Around your home you might find tempered glass shower doors, glass tub or shower enclosures, glass cookware, fireplace glass, cabinet glass, glass shelves, glass patio doors and patio furniture, glass tabletops, glass dinner plates, oven door windows, and mobile phone screen protectors. In many different types of buildings, tempered glass may be required by building codes in certain areas and applications where human impact could occur and be dangerous, sliding doors, fire department access panels, elevators, glass installed near swimming pools, glass installed near doorways and stairways, large windows, a skylight, windows extending close to floor level, balcony doors, athletic facilities, and many more too numerous to mention.
Ballistic Glass for Protection from Bullets Isn’t Always Glass
Ballistic glass, also called bulletproof or bullet-resistant glass, is a totally different product than tempered glass, and in many cases is made from entirely different materials. Many types of businesses, organizations, and facilities use ballistic glass to protect their employees from the threat of gun violence. Bulletproof glass, however, isn’t always glass. Transparent bullet-resistant barriers can be made of plastic resins such as acrylic as well as various thermoplastic polymers called polycarbonates. Some transparent bulletproof barriers are made of a combination of materials with a layer of polycarbonate on the outside and a layer of polyurethane connecting it to an interior layer of acrylic. Multiple layers add thickness and strength for higher levels of protection.
Glass-clad polycarbonate is the strongest type of ballistic glass, and is made from various layers of glass, polycarbonate, and PVB, or Poly Vinyl Butyral material. The exterior of glass helps protect from exterior damage, and the alternating layers add up to major protection. Learn more about bulletproof glass fabrication by following this link: How is Bullet Resistant Glass Made?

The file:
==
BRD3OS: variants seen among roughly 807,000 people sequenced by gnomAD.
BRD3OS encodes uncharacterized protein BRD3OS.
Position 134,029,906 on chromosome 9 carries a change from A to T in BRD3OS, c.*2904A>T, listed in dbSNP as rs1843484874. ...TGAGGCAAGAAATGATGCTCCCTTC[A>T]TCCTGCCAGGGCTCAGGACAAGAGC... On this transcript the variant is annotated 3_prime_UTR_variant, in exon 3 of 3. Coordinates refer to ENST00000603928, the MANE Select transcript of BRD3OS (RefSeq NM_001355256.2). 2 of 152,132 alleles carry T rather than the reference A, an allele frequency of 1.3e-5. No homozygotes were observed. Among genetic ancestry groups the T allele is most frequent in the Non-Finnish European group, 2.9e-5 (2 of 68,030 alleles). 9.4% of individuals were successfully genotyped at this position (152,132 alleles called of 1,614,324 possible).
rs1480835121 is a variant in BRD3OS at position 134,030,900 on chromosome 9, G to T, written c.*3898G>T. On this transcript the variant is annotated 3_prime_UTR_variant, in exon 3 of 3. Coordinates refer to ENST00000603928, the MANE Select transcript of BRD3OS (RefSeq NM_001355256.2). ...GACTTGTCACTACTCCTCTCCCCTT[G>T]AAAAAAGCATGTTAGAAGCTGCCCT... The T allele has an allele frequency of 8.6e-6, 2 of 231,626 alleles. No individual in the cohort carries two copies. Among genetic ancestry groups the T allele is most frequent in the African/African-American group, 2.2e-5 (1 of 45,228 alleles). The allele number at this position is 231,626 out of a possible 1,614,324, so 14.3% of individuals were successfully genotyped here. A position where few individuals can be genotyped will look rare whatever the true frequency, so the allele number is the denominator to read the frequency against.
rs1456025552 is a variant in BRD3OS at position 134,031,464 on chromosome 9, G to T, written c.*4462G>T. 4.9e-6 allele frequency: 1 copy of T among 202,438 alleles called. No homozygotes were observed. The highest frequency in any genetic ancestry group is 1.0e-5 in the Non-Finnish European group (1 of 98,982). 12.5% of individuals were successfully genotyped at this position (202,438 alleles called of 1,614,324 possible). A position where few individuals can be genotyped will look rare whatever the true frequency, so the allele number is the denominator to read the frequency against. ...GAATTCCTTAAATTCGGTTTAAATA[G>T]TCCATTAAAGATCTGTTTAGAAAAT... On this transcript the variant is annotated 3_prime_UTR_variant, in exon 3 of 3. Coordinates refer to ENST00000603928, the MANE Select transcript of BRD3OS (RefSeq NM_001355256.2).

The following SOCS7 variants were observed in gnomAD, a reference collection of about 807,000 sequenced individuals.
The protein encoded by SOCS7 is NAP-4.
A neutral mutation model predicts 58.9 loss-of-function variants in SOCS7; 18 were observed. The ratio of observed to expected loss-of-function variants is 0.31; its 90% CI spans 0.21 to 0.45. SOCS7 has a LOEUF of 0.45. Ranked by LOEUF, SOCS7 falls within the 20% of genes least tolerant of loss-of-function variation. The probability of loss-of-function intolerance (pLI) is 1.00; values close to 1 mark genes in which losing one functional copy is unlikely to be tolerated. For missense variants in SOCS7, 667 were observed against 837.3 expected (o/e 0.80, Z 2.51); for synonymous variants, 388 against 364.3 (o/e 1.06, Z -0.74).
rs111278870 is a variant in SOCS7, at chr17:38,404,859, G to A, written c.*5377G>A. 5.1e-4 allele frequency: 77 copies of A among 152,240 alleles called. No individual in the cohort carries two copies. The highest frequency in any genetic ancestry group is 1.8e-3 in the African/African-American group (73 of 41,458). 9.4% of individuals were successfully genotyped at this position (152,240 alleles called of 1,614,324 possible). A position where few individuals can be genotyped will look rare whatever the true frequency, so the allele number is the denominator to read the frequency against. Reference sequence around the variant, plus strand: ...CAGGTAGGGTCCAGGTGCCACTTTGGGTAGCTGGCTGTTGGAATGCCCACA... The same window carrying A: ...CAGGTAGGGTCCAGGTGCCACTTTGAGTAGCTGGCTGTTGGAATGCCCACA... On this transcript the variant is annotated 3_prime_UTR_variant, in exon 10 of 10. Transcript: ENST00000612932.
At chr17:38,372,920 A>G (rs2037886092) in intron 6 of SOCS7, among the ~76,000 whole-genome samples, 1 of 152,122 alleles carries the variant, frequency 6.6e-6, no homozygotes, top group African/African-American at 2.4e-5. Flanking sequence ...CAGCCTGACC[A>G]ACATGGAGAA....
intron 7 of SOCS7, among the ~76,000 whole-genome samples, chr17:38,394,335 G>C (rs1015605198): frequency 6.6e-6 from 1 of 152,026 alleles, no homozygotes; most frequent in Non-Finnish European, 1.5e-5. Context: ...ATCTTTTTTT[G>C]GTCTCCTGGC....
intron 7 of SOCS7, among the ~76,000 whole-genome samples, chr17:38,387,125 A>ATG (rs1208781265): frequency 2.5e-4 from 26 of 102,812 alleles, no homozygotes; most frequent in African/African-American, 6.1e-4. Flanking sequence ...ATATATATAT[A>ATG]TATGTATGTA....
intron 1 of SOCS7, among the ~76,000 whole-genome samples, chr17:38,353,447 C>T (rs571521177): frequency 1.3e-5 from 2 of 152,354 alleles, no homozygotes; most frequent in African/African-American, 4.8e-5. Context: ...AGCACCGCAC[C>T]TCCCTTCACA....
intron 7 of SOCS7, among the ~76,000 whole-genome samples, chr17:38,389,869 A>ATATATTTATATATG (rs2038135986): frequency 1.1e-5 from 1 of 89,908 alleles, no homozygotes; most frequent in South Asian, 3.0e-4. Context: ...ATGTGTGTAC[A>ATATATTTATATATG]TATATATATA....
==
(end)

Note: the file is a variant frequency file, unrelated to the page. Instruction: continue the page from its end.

Different Levels of Protection Provided by Bulletproof Glass
Ballistic (or bulletproof or bullet-resistant) glass is separated into eight ascending levels of protection. Level 1 has been tested to withstand several rounds of bullets from smaller handguns (9mm and smaller). This is the most common type of gun used to commit crimes such as armed robbery because it’s the most affordable weapon criminals can get their hands on. Levels 2 and 3 are more serious, and able to stand up to larger handgun fire (.357 magnum protection with Level 2 and .44 magnum protection with Level 3 glass). These are used in more secure areas like banks or police stations. Levels 4-8 are designed to handle rifle fire from higher-caliber weapons and are usually reserved for a variety of government and military applications.
Creative Industries: Security Solutions for Today’s World
The world of protective glass and security is as fascinating as it is useful with the many different types of modified glass whether tempered or ballistic, and each has very practical value in a wide variety of settings. At Creative Industries we have been making both standard and custom bullet-resistant glass and related products since the 1970s. We know this industry inside and out and can guide you to the products best suited to meeting the safety and security needs of your business, government building, school, entertainment venue, or sports arena. We invite you to get in touch with us through the contact page of our website or by calling us directly at 800-776-2068 to start the conversation. We’re here to help!